If you’re in the market for a car, you’ve probably seen the flurry of ads enticing punters to pick up the latest model on finance deals from as low as 1%.
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We regularly see the other side of the flashy marketing — the problems that happen when your new set of wheels turns out to be a dud and the dealer doesn’t want to know.
The Motor Vehicle Disputes Tribunal, the specialist body set up to handle car complaints, dealt with 342 cases last year, a 33% rise from 2015.
Its case notes reveal the typical problems consumers run into when dealers think they don’t have any liability for vehicles that aren’t of acceptable quality.
In one case, a Hamilton couple bought a second-hand Mazda CX-5 for $23,000 from an Auckland dealership. About five months after purchase, they were on a road trip when they noticed coolant leaking from the engine.
They took their car to a nearby mechanic who suspected head gasket problems and warned them not to drive the vehicle. The couple had to pay for the car to be shipped home and got it assessed by their local mechanic. The verdict was the engine needed to be replaced at a cost of up to $12,200.
The Auckland dealer who sold them the car didn’t want to know and claimed it had no liability.
The Motor Vehicle Disputes Tribunal disagreed. It found the $23,000 car wasn’t of acceptable quality under the Consumer Guarantees Act (CGA) and ordered the dealer to refund the purchase price, pay consequential losses and arrange for the vehicle to be collected.
If you buy a new or second-hand car from a dealer, you have rights under both the CGA and Fair Trading Act (FTA).
The CGA obliges dealers to guarantee their vehicles are of acceptable quality and fit for purpose (given their age and sale price).
When it’s a minor problem, the dealer can choose between fixing the car, replacing it, or taking it back and giving you a refund. If the dealer can’t or won’t fix the problem within a reasonable time, you can demand your money back.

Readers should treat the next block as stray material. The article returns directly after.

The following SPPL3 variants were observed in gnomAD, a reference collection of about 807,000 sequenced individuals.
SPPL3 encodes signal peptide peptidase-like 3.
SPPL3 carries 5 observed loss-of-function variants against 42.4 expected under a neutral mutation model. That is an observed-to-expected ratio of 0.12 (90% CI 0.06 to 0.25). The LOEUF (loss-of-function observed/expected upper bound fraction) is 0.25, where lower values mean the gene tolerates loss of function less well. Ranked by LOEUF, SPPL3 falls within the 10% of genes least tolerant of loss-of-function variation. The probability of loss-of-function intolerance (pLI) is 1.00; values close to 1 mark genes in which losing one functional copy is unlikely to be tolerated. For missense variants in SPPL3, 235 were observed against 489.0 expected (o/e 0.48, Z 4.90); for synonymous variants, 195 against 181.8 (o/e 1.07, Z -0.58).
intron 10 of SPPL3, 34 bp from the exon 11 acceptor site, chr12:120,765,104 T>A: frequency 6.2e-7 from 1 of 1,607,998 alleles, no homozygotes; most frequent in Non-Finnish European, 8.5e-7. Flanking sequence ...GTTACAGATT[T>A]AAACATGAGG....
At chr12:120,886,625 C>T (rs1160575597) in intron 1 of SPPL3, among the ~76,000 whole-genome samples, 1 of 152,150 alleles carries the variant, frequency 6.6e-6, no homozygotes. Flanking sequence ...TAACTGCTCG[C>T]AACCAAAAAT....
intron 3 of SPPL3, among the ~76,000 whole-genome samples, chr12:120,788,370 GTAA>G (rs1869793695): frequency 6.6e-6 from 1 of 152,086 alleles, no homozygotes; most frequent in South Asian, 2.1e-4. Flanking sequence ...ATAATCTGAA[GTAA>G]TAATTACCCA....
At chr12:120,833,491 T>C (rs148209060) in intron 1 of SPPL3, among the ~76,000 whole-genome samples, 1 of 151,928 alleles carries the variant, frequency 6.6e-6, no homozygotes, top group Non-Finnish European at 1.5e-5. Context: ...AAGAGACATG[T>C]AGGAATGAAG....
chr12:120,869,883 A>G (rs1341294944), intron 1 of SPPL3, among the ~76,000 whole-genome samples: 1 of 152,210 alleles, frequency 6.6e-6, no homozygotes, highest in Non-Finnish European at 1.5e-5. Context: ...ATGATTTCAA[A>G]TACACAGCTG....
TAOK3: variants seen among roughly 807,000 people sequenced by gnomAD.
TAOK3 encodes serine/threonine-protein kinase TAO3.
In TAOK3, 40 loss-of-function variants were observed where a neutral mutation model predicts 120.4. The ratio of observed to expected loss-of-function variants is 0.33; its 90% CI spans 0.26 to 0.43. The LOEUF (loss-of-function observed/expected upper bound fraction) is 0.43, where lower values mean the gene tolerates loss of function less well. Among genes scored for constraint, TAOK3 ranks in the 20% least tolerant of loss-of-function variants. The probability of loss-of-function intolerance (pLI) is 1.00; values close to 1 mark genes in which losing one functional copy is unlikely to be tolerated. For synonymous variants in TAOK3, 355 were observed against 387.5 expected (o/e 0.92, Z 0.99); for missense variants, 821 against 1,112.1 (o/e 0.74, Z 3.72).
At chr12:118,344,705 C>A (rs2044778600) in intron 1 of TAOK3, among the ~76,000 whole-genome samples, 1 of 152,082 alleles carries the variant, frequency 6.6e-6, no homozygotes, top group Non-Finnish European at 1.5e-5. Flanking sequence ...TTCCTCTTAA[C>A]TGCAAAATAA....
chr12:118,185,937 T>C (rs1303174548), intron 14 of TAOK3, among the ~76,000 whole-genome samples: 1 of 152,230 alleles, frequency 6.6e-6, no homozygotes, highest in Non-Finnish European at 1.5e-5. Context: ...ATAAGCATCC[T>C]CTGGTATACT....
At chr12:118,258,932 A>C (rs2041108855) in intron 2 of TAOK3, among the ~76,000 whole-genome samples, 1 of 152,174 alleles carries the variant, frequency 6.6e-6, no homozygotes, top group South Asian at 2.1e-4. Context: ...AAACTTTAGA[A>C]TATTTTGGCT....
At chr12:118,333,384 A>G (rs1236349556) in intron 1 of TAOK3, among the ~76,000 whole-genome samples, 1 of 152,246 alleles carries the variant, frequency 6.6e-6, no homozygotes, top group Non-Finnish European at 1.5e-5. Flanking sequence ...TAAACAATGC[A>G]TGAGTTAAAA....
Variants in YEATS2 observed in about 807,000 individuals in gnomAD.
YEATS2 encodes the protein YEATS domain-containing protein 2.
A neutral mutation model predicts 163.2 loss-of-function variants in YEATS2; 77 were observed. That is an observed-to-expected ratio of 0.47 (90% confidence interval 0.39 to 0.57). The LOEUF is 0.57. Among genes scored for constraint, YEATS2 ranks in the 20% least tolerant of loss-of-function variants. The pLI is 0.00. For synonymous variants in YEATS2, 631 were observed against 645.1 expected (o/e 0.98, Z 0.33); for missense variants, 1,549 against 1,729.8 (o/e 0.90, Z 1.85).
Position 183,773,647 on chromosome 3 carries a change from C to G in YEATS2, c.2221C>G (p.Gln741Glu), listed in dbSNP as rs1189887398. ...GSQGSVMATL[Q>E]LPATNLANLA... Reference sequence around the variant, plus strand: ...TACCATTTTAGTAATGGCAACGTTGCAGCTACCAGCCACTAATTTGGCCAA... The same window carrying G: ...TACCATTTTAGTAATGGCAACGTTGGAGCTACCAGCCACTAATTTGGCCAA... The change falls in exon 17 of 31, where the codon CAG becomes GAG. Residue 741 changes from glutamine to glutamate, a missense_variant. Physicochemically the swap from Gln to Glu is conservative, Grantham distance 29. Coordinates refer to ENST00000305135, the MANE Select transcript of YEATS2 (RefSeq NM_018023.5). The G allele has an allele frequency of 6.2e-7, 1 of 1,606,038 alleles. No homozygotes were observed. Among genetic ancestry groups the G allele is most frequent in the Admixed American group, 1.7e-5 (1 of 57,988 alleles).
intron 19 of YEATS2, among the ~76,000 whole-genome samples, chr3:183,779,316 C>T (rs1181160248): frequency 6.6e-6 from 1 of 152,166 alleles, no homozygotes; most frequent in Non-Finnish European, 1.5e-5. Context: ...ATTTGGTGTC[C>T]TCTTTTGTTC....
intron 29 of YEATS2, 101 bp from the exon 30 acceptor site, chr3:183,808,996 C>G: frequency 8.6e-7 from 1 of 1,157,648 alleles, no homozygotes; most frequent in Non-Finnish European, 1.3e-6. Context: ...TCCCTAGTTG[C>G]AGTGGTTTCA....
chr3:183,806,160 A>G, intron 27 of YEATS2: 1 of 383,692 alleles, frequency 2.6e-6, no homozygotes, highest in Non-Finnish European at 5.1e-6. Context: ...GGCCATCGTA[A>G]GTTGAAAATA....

If it’s a serious problem, you can choose whether the dealer replaces the vehicle, or takes it back and gives you a refund.
You can also claim for losses that occur because of the fault. For instance, you can claim towing costs if your broken-down car needs to be shipped home.
The FTA also prohibits dealers from making misleading claims about their vehicles. For instance, a dealer can’t advertise a car as “low mileage” if it has done enough kilometres to get to the moon and back.
If the dealer won’t play ball, you can lodge a claim with the Motor Vehicle Disputes Tribunal for $50. It can hear claims up to $100,000 (or more if both parties agree) and order the dealer to remedy the problem.
For more information about your rights when buying a car, see our car buyers’ rights report.
By Sue Chetwin
We’ve covered what to do if a car deal goes wrong when buying privately or through a dealer, including how to take a claim to the Disputes Tribunal.
We explain the laws governing car sales, tell you how to deal with a dealer and how to decide if a car is worth buying. We’ve also covered reliable makes and included our most recent car reviews.
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